From all that has been said, there results the idea of a particular science, which may be called the Critique of Pure Reason. For reason is the faculty which furnishes us with the principles of knowledge a priori. Hence, pure reason is the faculty which contains the principles of cognizing anything absolutely a priori. An organon of pure reason would be a compendium of those principles according to which alone all pure cognitions a priori can be obtained. The completely extended application of such an organon would afford us a system of pure reason. As this, however, is demanding a great deal, and it is yet doubtful whether any extension of our knowledge be here possible, or, if so, in what cases; we can regard a science of the mere criticism of pure reason, its sources and limits, as the propaedeutic to a system of pure reason. Such a science must not be called a doctrine, but only a critique of pure reason; and its use, in regard to speculation, would be only negative, not to enlarge the bounds of, but to purify, our reason, and to shield it against error- which alone is no little gain. I apply the term transcendental to all knowledge which is not so much occupied with objects as with the mode of our cognition of these objects, so far as this mode of cognition is possible a priori. A system of such conceptions would be called transcendental philosophy. But this, again, is still beyond the bounds of our present essay. For as such a science must contain a complete exposition not only of our synthetical a priori, but of our analytical a priori knowledge, it is of too wide a range for our present purpose, because we do not require to carry our analysis any farther than is necessary to understand, in their full extent, the principles of synthesis a priori, with which alone we have to do. This investigation, which we cannot properly call a doctrine, but only a transcendental critique, because it aims not at the enlargement, but at the correction and guidance, of our knowledge, and is to serve as a touchstone of the worth or worthlessness of all knowledge a priori, is the sole object of our present essay. Such a critique is consequently, as far as possible, a preparation for an organon; and if this new organon should be found to fail, at least for a canon of pure reason, according to which the complete system of the philosophy of pure reason, whether it extend or limit the bounds of that reason, might one day be set forth both analytically and synthetically. For that this is possible, nay, that such a system is not of so great extent as to preclude the hope of its ever being completed, is evident. For we have not here to do with the nature of outward objects, which is infinite, but solely with the mind, which judges of the nature of objects, and, again, with the mind only in respect of its cognition a priori. And the object of our investigations, as it is not to be sought without, but, altogether within, ourselves, cannot remain concealed, and in all probability is limited enough to be completely surveyed and fairly estimated, according to its worth or worthlessness. Still less let the reader here expect a critique of books and systems of pure reason; our present object is exclusively a critique of the faculty of pure reason itself. Only when we make this critique our foundation, do we possess a pure touchstone for estimating the philosophical value of ancient and modern writings on this subject; and without this criterion, the incompetent historian or judge decides upon and corrects the groundless assertions of others with his own, which have themselves just as little foundation.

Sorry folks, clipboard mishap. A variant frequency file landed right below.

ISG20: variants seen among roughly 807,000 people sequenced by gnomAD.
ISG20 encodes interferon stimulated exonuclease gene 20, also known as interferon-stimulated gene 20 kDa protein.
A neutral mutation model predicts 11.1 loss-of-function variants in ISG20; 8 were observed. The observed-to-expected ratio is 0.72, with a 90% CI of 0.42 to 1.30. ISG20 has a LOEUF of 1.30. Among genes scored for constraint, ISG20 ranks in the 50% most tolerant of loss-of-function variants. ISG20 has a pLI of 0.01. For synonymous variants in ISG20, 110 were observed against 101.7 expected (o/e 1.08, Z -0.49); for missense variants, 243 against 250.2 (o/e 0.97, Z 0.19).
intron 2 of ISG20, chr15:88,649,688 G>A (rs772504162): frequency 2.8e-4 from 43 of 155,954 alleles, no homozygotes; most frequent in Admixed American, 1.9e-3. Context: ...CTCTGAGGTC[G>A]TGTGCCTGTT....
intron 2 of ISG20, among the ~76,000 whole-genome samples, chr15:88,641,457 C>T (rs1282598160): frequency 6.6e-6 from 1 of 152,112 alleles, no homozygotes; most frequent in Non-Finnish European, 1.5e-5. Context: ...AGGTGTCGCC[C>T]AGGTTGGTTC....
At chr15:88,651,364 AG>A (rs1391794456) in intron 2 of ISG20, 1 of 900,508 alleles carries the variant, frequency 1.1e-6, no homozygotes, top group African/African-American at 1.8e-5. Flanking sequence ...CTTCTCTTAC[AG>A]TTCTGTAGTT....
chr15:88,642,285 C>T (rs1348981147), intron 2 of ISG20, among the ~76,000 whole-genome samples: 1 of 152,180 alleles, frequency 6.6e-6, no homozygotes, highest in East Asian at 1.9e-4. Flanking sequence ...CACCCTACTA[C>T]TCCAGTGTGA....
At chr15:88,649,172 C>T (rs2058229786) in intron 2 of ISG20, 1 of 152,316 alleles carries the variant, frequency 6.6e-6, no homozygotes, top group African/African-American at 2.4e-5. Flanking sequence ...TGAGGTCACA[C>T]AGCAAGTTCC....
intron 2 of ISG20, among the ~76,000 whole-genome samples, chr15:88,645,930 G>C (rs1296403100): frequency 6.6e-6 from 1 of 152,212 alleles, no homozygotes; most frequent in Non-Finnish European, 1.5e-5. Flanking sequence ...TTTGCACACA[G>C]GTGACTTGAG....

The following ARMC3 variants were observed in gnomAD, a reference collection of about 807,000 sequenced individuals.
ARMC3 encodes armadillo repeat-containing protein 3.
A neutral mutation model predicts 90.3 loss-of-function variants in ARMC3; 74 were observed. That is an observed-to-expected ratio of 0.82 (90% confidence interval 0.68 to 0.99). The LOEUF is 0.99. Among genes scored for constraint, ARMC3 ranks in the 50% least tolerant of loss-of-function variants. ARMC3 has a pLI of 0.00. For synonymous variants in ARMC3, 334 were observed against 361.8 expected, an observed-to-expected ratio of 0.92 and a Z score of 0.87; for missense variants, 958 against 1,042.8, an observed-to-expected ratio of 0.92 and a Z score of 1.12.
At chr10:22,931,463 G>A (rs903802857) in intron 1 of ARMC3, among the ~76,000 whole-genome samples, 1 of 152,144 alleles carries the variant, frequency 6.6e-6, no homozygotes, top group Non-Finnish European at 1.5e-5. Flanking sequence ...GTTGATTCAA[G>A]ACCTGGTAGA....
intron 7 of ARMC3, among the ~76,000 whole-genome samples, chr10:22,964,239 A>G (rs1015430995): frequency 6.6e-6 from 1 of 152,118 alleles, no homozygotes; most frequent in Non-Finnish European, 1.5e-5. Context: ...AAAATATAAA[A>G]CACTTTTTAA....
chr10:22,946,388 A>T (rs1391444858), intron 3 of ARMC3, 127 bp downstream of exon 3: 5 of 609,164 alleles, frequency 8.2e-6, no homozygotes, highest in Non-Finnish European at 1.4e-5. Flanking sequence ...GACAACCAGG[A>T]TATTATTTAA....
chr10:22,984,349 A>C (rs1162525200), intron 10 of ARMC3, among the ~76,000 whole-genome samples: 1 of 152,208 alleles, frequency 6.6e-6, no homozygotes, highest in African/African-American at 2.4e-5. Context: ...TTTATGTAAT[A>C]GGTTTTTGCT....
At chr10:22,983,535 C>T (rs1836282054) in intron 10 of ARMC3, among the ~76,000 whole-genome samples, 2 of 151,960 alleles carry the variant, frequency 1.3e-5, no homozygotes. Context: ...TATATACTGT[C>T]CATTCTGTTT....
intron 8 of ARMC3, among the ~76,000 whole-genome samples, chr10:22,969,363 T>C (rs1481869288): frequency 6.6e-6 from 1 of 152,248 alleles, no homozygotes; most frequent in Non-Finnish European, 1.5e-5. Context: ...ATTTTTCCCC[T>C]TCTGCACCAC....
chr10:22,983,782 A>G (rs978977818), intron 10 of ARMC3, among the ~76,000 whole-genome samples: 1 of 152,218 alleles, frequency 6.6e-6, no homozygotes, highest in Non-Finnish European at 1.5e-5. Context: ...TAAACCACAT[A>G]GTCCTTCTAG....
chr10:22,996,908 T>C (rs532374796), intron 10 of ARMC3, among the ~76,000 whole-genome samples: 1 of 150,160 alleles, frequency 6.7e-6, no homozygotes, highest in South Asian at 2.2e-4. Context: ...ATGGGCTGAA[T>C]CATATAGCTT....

Transcendental philosophy is the idea of a science, for which the Critique of Pure Reason must sketch the whole plan architectonically, that is, from principles, with a full guarantee for the validity and stability of all the parts which enter into the building. It is the system of all the principles of pure reason. If this Critique itself does not assume the title of transcendental philosophy, it is only because, to be a complete system, it ought to contain a full analysis of all human knowledge a priori. Our critique must, indeed, lay before us a complete enumeration of all the radical conceptions which constitute the said pure knowledge. But from the complete analysis of these conceptions themselves, as also from a complete investigation of those derived from them, it abstains with reason; partly because it would be deviating from the end in view to occupy itself with this analysis, since this process is not attended with the difficulty and insecurity to be found in the synthesis, to which our critique is entirely devoted, and partly because it would be inconsistent with the unity of our plan to burden this essay with the vindication of the completeness of such an analysis and deduction, with which, after all, we have at present nothing to do. This completeness of the analysis of these radical conceptions, as well as of the deduction from the conceptions a priori which may be given by the analysis, we can, however, easily attain, provided only that we are in possession of all these radical conceptions, which are to serve as principles of the synthesis, and that in respect of this main purpose nothing is wanting.